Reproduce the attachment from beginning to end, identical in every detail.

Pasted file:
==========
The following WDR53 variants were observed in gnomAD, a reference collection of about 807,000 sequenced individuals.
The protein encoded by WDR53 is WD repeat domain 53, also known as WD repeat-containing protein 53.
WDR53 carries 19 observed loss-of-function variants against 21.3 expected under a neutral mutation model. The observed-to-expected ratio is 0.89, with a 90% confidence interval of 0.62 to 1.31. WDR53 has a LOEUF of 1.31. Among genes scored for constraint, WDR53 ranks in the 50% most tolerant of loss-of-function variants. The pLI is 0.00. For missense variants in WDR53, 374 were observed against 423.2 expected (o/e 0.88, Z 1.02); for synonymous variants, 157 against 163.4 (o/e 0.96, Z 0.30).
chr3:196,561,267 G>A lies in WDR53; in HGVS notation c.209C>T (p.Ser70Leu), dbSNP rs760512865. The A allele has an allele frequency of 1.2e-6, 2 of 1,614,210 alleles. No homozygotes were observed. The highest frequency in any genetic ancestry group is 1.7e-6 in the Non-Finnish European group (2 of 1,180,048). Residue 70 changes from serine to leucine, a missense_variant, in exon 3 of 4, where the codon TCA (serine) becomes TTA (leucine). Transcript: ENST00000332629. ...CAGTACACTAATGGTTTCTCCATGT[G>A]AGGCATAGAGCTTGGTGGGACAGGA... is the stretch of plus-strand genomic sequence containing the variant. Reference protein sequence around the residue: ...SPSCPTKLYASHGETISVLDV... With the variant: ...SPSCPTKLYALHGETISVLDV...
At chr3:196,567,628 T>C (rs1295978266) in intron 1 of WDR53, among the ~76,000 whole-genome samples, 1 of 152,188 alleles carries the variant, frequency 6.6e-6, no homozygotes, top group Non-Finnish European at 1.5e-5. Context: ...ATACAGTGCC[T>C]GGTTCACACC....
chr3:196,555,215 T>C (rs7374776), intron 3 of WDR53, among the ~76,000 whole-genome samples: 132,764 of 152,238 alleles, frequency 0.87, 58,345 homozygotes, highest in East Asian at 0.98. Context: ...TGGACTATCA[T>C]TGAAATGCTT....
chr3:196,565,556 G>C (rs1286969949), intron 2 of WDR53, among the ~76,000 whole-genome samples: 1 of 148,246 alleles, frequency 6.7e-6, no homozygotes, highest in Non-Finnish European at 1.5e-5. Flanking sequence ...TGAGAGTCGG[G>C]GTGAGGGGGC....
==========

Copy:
The following WDR53 variants were observed in gnomAD, a reference collection of about 807,000 sequenced individuals.
The protein encoded by WDR53 is WD repeat domain 53, also known as WD repeat-containing protein 53.
WDR53 carries 19 observed loss-of-function variants against 21.3 expected under a neutral mutation model. The observed-to-expected ratio is 0.89, with a 90% confidence interval of 0.62 to 1.31. WDR53 has a LOEUF of 1.31. Among genes scored for constraint, WDR53 ranks in the 50% most tolerant of loss-of-function variants. The pLI is 0.00. For missense variants in WDR53, 374 were observed against 423.2 expected (o/e 0.88, Z 1.02); for synonymous variants, 157 against 163.4 (o/e 0.96, Z 0.30).
chr3:196,561,267 G>A lies in WDR53; in HGVS notation c.209C>T (p.Ser70Leu), dbSNP rs760512865. The A allele has an allele frequency of 1.2e-6, 2 of 1,614,210 alleles. No homozygotes were observed. The highest frequency in any genetic ancestry group is 1.7e-6 in the Non-Finnish European group (2 of 1,180,048). Residue 70 changes from serine to leucine, a missense_variant, in exon 3 of 4, where the codon TCA (serine) becomes TTA (leucine). Transcript: ENST00000332629. ...CAGTACACTAATGGTTTCTCCATGT[G>A]AGGCATAGAGCTTGGTGGGACAGGA... is the stretch of plus-strand genomic sequence containing the variant. Reference protein sequence around the residue: ...SPSCPTKLYASHGETISVLDV... With the variant: ...SPSCPTKLYALHGETISVLDV...
At chr3:196,567,628 T>C (rs1295978266) in intron 1 of WDR53, among the ~76,000 whole-genome samples, 1 of 152,188 alleles carries the variant, frequency 6.6e-6, no homozygotes, top group Non-Finnish European at 1.5e-5. Context: ...ATACAGTGCC[T>C]GGTTCACACC....
chr3:196,555,215 T>C (rs7374776), intron 3 of WDR53, among the ~76,000 whole-genome samples: 132,764 of 152,238 alleles, frequency 0.87, 58,345 homozygotes, highest in East Asian at 0.98. Context: ...TGGACTATCA[T>C]TGAAATGCTT....
chr3:196,565,556 G>C (rs1286969949), intron 2 of WDR53, among the ~76,000 whole-genome samples: 1 of 148,246 alleles, frequency 6.7e-6, no homozygotes, highest in Non-Finnish European at 1.5e-5. Flanking sequence ...TGAGAGTCGG[G>C]GTGAGGGGGC....